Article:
By Topic

Wafer bonding using fluxless process with Sn-rich Sn-Au dual-layer structure

Sign In

Cookies must be enabled to login.After enabling cookies , please use refresh or reload or ctrl+f5 on the browser for the login options.

Formats Non-Member Member
$31 $13
Learn how you can qualify for the best price for this item!
Become an IEEE Member or Subscribe to
IEEE Xplore for exclusive pricing!
close button

puzzle piece

IEEE membership options for an individual and IEEE Xplore subscriptions for an organization offer the most affordable access to essential journal articles, conference papers, standards, eBooks, and eLearning courses.

Learn more about:

IEEE membership

IEEE Xplore subscriptions

2 Author(s)
Lee, C.C. ; Dept. of Electr. Eng. & Comput. Sci., California Univ., Irvine, CA, USA ; Jongsung Kim

In many devices and packaging applications, it has been an engineering dream to be able to bond two entire wafers of the same material or of different materials with a thin metallic joint. Many new device concepts cannot be implemented because of the lack of this technology. An obvious idea to achieve this is to use solders. However, the need of using flux in the soldering process prohibits achieving void-free and uniform solder joint because flux and flux residues can be easily trapped in the joint, resulting in voids and uneven solder layer. Thus, it seems that a solution to this is to develop a soldering process that does not require the use of flux, i.e, fluxless or flux-free. In this paper, we report our initial success of bonding two 2-inch silicon wafers using Sn-rich Sn-Au dual-layer structure that is produced by electroplating process. No flux is used in the bonding process. It is much harder to achieve fluxless characteristic using Sn-rich Sn-Au alloys than Sn20Au80 eutectic alloy. The resulting Sn-rich solder joint layer, about 10 μm in thickness, is very uniform over the entire 2-inch sample. In the initial run, two samples are produced. The quality of the joint is examined using reflection-mode scanning acoustic microscope (SAM) and X-ray micro-imaging technique. Results of these two methods indicate that the joints are of high quality. Of these two samples, the better one shows nearly perfect joint with only 2% of possible void area. More studies and evaluation are needed to further extend this method to larger wafers and to wafer materials other than silicon. This initial success shows that it is indeed possible to bond entire wafers together with a thin metallic joint of high quality.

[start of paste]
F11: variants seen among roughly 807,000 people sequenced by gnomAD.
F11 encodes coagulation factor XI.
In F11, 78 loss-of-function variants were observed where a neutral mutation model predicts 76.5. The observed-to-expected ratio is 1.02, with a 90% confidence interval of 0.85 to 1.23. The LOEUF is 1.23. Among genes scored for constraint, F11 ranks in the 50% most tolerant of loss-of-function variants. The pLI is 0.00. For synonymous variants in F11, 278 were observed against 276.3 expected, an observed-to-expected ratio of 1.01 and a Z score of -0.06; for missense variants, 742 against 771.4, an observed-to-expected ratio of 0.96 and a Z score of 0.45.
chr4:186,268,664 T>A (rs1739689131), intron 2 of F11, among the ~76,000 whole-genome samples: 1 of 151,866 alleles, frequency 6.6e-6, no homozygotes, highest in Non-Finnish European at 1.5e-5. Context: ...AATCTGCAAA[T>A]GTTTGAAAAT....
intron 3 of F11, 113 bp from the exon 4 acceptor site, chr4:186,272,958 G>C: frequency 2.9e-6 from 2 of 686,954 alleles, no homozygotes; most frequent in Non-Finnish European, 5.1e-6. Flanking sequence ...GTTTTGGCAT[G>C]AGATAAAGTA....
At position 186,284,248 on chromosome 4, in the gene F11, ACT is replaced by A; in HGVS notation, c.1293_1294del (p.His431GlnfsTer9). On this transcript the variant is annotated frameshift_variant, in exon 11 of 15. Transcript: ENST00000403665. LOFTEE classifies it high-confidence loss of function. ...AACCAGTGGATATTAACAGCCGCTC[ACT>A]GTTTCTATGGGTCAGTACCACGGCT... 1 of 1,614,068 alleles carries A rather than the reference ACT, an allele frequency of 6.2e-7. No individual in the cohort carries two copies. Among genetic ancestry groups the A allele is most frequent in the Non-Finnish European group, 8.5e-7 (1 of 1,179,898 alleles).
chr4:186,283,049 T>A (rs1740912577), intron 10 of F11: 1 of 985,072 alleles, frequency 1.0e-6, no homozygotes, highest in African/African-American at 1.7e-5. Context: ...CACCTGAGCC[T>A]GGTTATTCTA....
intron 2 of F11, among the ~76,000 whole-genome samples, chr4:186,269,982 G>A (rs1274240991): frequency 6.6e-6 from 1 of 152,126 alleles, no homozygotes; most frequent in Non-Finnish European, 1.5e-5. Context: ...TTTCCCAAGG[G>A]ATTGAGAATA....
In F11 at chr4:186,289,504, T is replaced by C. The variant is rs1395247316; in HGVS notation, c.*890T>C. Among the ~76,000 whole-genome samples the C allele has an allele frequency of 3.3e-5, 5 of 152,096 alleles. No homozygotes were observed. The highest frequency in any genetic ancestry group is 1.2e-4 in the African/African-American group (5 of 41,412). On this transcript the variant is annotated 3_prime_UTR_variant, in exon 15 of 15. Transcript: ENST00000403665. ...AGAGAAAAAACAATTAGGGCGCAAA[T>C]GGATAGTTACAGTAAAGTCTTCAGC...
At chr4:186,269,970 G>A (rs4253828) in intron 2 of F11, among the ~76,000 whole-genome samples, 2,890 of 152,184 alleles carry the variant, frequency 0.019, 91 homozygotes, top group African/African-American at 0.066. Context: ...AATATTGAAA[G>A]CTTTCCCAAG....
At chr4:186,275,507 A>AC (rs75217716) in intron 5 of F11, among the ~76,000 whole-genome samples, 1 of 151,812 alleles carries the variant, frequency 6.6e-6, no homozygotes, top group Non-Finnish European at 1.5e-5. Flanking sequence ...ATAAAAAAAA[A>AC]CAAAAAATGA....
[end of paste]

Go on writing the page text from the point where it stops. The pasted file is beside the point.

Published in:

Advanced Packaging Materials: Processes, Properties and Interfaces, 2005. Proceedings. International Symposium on

Date of Conference:

16-18 March 2005